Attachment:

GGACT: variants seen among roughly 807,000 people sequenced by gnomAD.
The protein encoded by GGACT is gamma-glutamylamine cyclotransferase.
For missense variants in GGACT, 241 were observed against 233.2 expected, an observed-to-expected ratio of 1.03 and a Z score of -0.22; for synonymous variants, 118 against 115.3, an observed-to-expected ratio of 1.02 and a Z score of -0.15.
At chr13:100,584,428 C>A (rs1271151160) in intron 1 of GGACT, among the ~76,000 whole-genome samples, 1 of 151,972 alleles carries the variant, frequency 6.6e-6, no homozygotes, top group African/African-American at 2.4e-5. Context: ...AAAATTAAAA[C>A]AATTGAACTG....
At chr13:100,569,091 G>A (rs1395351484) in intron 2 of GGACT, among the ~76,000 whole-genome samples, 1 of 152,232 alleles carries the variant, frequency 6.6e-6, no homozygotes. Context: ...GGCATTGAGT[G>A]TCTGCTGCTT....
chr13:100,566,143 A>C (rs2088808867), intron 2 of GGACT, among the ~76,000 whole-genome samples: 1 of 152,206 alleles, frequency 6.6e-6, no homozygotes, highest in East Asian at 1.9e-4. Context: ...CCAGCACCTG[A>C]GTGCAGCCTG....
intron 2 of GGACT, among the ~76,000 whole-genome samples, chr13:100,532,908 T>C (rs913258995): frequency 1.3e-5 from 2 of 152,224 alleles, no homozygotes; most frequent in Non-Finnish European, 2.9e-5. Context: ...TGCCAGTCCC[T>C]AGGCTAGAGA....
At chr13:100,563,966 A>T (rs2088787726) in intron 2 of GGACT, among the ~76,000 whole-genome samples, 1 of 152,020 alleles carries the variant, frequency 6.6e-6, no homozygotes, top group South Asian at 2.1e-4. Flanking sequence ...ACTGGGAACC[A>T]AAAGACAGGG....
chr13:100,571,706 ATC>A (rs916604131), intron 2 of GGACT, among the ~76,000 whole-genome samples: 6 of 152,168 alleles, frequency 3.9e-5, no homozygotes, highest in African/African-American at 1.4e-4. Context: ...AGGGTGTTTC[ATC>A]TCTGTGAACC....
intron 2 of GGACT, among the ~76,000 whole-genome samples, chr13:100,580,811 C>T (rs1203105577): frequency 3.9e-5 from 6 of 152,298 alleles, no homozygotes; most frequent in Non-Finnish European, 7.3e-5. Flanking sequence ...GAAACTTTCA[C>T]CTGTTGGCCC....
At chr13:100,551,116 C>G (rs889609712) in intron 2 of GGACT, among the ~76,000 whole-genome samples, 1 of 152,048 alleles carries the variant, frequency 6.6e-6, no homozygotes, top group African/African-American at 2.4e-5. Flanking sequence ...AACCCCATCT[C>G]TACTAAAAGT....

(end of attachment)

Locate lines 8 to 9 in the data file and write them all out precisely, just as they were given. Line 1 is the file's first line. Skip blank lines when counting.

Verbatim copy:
At chr13:100,563,966 A>T (rs2088787726) in intron 2 of GGACT, among the ~76,000 whole-genome samples, 1 of 152,020 alleles carries the variant, frequency 6.6e-6, no homozygotes, top group South Asian at 2.1e-4. Flanking sequence ...ACTGGGAACC[A>T]AAAGACAGGG....
chr13:100,571,706 ATC>A (rs916604131), intron 2 of GGACT, among the ~76,000 whole-genome samples: 6 of 152,168 alleles, frequency 3.9e-5, no homozygotes, highest in African/African-American at 1.4e-4. Context: ...AGGGTGTTTC[ATC>A]TCTGTGAACC....